About a week ago, I noticed that another of The Girlfriend’s Younger Sprog’s flowers was of the type that opens each morning (when the conditions are right,) and started planning to try again to capture this. Naturally, the weather went to yuck for the next few days after that, but I watched for the promise of a clear warm morning and got set up early when it arrived. I learned that the flower (whatever it is – I’m yielding to laziness again by not looking it up) responds more to temperature than sunlight, and defiantly stayed closed and motionless for the 90 minutes and fifteen frames that the camera was dutifully snapping away before the day warmed sufficiently. After I packed up, of course, the flower bloomed.
So, as seen here, I tried again the next day and was a bit more successful. Scattered thin clouds made the light highly variable, most noticeable at the very end when the final frame is shot under haze, lowering the contrast and making it seem as if I’d altered the photo (I mean, beyond the resizing and format changes to make an animated gif [pronounced “fig”] in the first place.) This time I went with auto-exposure, but under-exposed a stop to keep the flower from getting bleached out, knowing the meter was reading more of the background than the flower itself – I should probably have gone for only 2/3 of a stop under, though. While a gentle breeze may have been at play too, the motion of the flower is not my doing at all, and why it was waving around is beyond me – the sun certainly did not move that far to support the idea that the bloom was following it. Yes, I could have been better at leveling the camera when I set up, but at least I kept the shadow of the tripod out of the pic this time.
Okay, okay, I stopped being lazy – I think these are Tulipa turkestanica, or Turkestan tulips, but that’s just a tentative identification (I wasn’t the one who planted these.) But I do have a positive ID on this next pic.
You have to appreciate the texture of these leaves. This is a Tulipa greigii, or red riding hood tulip. The leaves spread about 10cm, so the central blob of water is about 4cm, or 1.5 inches – I’ve never seen a surface so repellant to water, and I’d love to view it close enough for detail, but that would take a microscope I think. This isn’t the first time I’ve photographed the peculiar edge effect either, where it seems the only place water will actually adhere, and I can’t tell you anything more about it. I’m a photographer, not a botanist; I can tell you why the light looks the way it does and what f-stop was used (f16,) but the nature of leaves has to come from someone else. Or you can buy a print and I’ll look it up for you.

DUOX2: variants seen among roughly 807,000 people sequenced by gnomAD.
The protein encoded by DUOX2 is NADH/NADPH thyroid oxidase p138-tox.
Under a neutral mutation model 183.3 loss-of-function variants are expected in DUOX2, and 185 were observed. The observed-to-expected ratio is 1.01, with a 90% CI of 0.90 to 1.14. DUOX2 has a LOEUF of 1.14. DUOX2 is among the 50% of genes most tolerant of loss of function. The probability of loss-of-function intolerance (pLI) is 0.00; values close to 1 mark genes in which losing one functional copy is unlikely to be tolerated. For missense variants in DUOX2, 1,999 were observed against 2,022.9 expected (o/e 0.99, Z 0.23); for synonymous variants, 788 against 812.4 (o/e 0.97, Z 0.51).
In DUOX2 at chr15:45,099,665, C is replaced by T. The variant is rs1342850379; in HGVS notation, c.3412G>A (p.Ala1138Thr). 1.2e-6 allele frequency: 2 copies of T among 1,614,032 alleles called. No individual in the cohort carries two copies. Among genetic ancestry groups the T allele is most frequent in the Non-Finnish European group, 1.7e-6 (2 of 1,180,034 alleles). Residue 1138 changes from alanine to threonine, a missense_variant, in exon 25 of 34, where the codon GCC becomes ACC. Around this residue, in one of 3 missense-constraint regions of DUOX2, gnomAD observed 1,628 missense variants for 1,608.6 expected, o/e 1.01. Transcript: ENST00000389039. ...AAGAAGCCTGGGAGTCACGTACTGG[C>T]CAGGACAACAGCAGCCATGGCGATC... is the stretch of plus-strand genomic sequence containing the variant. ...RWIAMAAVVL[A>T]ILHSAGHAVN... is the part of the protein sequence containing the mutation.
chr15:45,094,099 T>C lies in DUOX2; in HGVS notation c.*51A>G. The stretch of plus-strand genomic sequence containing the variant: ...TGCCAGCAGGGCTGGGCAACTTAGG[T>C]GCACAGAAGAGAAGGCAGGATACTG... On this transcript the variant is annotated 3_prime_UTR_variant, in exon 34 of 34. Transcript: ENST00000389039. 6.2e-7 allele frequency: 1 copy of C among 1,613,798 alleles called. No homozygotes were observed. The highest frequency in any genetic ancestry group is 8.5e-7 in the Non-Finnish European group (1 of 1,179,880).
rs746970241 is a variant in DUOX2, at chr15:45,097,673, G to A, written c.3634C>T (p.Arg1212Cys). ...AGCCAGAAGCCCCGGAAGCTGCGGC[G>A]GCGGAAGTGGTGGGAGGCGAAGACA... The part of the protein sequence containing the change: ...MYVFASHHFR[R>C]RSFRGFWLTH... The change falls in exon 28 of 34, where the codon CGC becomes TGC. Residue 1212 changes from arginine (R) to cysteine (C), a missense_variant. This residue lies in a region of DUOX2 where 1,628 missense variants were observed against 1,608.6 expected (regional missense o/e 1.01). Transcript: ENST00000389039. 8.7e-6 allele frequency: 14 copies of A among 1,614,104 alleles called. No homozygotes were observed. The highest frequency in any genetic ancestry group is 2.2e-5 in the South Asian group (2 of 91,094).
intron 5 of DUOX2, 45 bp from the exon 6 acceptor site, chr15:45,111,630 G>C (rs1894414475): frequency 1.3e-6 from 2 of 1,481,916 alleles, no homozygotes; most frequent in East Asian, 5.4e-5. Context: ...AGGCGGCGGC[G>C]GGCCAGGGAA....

Today was apparently a great day for the arachnids to venture out. At times, the light was just right and the yard could be seen crossed by numerous strands of web from the spiders ballooning to new locations, and I actually had two different species suddenly appear on my arms – dog knows how many might have landed on my shirt where I couldn’t feel them (or my hair – I said that just to creep you out, even though it’s as likely as anyplace else.) The butterfly bush, sprouting just two new leaves of the season, was heavily rigged with lines from this little spud, some species of Theridiidae I believe. Likely the same species found here, on a plant not a dozen meters away – probably not one of the ones pictured in that post, but quite possibly a relative. I found all the webbing and started looking for the responsible party, suspecting it was one of last year’s newborn green lynx spiders, and the increasing number of web strands and a tangle of protective canopy pointed out my tiny subject. That’s one of those tricks if you’re looking for arachnid subjects: the webbing is densest in the high-traffic areas. You can see the shelter out of focus behind the spider – this is shot aiming almost straight up. For scale, I can tell you that this one is even smaller than the green lynx spiderlings (Peucetia viridans,) and I can provide a photo of one of those on my thumb. We’re talking tiny here.